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Old 04-29-2019, 08:21 AM
 
1,623 posts, read 1,012,775 times
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Quote:
Originally Posted by RamenAddict View Post
Strange, because at the last two places I’ve worked, they’ve specifically asked the receptionist what time people arrived and for any observations about the interviewee. I know one manager would ding people for being way too early, for example.

I have heard of cattle call interviews where you are watched before the interview. Are you frowning or making small talk with others beforehand? Giving a leave me alone signal or welcoming. The part about when you arrived other than late is a bit creppy to me. Whats next? Did the person ask to use the restroom before and how long? I swear the cat and mouse games are ridiculous with interviews.
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Old 04-29-2019, 08:32 AM
 
659 posts, read 276,452 times
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10-15 minutes is fine. However, if you are going to a large company or visiting a company in a major city office building, make sure you account for the time it takes to get through security. When I go to meetings in Manhattan, some of the security check in points take extra time during peak times.
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Old 04-29-2019, 09:25 AM
 
1,541 posts, read 399,025 times
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Quote:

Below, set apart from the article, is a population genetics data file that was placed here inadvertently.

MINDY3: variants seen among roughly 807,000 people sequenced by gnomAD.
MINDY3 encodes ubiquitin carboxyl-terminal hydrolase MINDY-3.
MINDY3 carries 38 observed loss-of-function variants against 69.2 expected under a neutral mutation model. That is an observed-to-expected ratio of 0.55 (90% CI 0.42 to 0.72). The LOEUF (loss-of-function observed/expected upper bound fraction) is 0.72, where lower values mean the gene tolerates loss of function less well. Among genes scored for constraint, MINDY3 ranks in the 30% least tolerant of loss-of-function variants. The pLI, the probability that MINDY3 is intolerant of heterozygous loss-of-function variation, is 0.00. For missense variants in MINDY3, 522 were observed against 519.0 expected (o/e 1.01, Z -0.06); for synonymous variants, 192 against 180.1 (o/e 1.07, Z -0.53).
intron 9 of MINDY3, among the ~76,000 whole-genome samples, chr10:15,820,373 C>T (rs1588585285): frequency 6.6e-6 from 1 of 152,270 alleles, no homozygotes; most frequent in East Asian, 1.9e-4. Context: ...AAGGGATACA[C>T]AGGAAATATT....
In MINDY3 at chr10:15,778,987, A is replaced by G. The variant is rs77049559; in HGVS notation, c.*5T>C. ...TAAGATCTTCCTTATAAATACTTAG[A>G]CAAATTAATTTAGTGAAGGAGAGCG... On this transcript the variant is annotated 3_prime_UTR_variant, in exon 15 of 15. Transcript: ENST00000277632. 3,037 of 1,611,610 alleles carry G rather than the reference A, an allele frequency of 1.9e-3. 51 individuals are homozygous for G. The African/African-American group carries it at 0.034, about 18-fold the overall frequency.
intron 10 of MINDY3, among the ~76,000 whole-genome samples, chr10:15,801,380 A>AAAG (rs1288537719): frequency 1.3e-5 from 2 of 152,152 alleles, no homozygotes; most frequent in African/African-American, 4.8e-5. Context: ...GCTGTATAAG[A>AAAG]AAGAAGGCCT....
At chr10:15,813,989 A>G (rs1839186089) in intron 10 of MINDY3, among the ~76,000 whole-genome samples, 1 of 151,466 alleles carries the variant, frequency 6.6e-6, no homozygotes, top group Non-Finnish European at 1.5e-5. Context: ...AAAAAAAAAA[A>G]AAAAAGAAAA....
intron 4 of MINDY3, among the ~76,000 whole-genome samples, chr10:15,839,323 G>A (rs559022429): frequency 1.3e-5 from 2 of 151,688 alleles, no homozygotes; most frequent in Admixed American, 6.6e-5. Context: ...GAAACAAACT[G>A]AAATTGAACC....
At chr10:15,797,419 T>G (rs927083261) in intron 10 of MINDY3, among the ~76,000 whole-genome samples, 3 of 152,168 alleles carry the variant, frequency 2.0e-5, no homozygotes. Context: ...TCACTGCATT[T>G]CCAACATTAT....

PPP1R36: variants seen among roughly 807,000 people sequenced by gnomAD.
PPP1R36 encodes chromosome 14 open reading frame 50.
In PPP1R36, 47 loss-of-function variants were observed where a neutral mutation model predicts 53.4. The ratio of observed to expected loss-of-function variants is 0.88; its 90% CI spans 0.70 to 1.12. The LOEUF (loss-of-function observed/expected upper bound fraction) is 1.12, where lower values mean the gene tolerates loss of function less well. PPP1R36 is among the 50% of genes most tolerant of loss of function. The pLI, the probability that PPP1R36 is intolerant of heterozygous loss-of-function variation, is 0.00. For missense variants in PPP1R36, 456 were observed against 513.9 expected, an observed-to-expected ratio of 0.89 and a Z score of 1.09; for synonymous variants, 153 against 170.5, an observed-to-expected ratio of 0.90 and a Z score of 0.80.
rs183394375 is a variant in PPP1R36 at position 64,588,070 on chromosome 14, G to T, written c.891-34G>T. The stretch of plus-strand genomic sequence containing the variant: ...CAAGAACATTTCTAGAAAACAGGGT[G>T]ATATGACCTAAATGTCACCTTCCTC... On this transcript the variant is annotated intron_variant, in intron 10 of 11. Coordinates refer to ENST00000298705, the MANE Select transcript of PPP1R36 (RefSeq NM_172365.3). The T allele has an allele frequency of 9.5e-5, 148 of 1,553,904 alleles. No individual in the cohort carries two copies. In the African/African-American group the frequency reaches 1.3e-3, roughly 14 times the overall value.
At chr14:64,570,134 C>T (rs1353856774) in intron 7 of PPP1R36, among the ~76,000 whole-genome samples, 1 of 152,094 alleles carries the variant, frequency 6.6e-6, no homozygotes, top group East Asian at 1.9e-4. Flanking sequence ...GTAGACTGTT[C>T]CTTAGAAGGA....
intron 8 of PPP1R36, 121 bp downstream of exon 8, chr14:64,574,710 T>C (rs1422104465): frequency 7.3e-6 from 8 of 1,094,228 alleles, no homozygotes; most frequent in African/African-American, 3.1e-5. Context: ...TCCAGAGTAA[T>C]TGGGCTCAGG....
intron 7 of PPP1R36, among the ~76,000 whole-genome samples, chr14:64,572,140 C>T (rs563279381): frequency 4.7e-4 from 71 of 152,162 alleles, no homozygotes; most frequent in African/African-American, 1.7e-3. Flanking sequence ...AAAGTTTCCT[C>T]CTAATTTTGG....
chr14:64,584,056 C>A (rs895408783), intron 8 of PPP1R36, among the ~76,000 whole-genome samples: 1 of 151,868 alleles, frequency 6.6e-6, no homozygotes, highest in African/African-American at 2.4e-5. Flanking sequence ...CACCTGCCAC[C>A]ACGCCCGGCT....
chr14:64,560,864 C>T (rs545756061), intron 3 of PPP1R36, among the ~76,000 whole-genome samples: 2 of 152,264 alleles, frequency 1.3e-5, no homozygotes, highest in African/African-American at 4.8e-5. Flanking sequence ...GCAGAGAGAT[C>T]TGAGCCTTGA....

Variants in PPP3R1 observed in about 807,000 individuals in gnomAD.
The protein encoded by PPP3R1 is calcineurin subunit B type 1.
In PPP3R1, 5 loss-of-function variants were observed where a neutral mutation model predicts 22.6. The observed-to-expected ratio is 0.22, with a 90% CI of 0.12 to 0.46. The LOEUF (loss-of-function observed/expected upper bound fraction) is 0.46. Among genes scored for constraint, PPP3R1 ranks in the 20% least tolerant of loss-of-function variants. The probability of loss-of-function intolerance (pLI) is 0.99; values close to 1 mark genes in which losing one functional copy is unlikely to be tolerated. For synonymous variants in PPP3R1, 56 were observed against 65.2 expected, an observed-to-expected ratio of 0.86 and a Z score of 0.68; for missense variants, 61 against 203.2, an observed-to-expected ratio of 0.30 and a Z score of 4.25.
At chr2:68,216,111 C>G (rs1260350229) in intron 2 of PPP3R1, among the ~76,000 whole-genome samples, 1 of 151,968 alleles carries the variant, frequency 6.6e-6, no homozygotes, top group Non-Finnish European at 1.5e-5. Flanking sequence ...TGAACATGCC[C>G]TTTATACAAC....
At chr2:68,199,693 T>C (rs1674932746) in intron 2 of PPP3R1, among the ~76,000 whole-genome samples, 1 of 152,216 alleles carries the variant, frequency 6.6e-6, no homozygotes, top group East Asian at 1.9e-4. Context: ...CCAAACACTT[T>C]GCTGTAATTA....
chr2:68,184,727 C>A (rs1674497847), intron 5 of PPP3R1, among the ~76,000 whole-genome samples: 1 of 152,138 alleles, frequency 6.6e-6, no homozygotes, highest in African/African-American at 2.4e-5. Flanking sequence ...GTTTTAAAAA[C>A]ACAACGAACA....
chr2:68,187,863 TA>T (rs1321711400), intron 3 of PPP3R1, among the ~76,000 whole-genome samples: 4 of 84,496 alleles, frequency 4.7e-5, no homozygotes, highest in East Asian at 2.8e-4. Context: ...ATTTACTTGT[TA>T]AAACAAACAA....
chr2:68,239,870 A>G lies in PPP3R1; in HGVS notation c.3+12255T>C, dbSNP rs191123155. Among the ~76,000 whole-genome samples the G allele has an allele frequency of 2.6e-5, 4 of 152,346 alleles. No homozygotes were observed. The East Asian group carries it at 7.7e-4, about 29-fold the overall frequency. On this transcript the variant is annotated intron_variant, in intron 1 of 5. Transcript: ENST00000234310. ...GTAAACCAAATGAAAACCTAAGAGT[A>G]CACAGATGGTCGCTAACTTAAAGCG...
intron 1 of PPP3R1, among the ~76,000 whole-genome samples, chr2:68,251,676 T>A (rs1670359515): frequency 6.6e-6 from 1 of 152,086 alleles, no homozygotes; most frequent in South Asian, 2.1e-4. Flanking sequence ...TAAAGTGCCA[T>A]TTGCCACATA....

Originally Posted by Lekrii View Post
Rule #1 of any office setting is to make sure the receptionist knows and likes you. They influence decisions more than people realize, and are definitely asked what they think of candidates.
Ah, no they don't. The people who work monitoring the lobby for visitors don't communicate with anyone else as part of the interview team. I wouldn't even know who to ask who was covering the lobby when we interview people.

You should be professional always, but as a hiring manager I don't go to the security personnel and ask how early someone arrived or if they were chatty or not. They are going to be interviewed by me and the rest of the team, we can handle it.

I wish people wouldn't heap more misinformation on job seekers telling them unimportant things which just cases stress for people. We are running a business, not playing games here. We don't take them to lunch to see if they put salt in their soap before they taste it or anything other useless hoops or tricks.

In a doctor's office and in academia it really matters to be friendly with the receptionist, because they are more willing to help you if you aren't rude to them.
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Old 04-29-2019, 09:26 AM
 
1,541 posts, read 399,025 times
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Quote:
Originally Posted by RamenAddict View Post
Strange, because at the last two places I’ve worked, they’ve specifically asked the receptionist what time people arrived and for any observations about the interviewee. I know one manager would ding people for being way too early, for example.
What kind of company is this and the number of employees?
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Old 04-29-2019, 12:09 PM
 
20,521 posts, read 16,605,258 times
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Quote:
Originally Posted by bobsell View Post
I take an honest estimate of how long it will get there. Then add a 30-45 minute buffer if I'm going to a place which requires a long public transportation haul. I usually arrive early and take a 10-15 minute break at a food joint to prepare for the interview. Then I arrive 10 minutes before the interview.

If I'm near by, I add a 5-10 minute buffer and arrive 10 minutes before the interview.
I’m a “just in case” person. I leave huge buffers whether job interview or flight (I leave for airport which is 40 minutes away 3 hours before my flight). I’d rather sit in the parking lot in my car for 30 minutes than risk being late. I would probably come on the forum and the time would go by fast.